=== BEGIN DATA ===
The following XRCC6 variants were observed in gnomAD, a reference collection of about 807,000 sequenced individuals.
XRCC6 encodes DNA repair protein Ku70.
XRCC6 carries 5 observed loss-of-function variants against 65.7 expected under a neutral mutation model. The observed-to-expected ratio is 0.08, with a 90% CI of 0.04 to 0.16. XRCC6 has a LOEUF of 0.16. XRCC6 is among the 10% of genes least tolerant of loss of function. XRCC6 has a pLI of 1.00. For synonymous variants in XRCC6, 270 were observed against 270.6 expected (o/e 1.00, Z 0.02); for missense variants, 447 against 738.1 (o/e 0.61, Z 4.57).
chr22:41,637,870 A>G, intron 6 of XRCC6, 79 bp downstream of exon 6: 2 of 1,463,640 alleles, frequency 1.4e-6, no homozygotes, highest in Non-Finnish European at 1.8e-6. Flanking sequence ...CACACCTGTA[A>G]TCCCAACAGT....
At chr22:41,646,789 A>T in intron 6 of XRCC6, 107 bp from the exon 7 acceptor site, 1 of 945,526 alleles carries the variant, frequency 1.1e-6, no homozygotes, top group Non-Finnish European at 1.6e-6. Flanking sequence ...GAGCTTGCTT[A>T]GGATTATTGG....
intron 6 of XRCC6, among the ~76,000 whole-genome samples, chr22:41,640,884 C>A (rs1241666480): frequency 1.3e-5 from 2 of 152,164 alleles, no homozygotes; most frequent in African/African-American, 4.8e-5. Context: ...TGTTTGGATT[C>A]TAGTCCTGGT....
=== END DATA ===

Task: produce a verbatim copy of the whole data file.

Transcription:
The following XRCC6 variants were observed in gnomAD, a reference collection of about 807,000 sequenced individuals.
XRCC6 encodes DNA repair protein Ku70.
XRCC6 carries 5 observed loss-of-function variants against 65.7 expected under a neutral mutation model. The observed-to-expected ratio is 0.08, with a 90% CI of 0.04 to 0.16. XRCC6 has a LOEUF of 0.16. XRCC6 is among the 10% of genes least tolerant of loss of function. XRCC6 has a pLI of 1.00. For synonymous variants in XRCC6, 270 were observed against 270.6 expected (o/e 1.00, Z 0.02); for missense variants, 447 against 738.1 (o/e 0.61, Z 4.57).
chr22:41,637,870 A>G, intron 6 of XRCC6, 79 bp downstream of exon 6: 2 of 1,463,640 alleles, frequency 1.4e-6, no homozygotes, highest in Non-Finnish European at 1.8e-6. Flanking sequence ...CACACCTGTA[A>G]TCCCAACAGT....
At chr22:41,646,789 A>T in intron 6 of XRCC6, 107 bp from the exon 7 acceptor site, 1 of 945,526 alleles carries the variant, frequency 1.1e-6, no homozygotes, top group Non-Finnish European at 1.6e-6. Flanking sequence ...GAGCTTGCTT[A>T]GGATTATTGG....
intron 6 of XRCC6, among the ~76,000 whole-genome samples, chr22:41,640,884 C>A (rs1241666480): frequency 1.3e-5 from 2 of 152,164 alleles, no homozygotes; most frequent in African/African-American, 4.8e-5. Context: ...TGTTTGGATT[C>A]TAGTCCTGGT....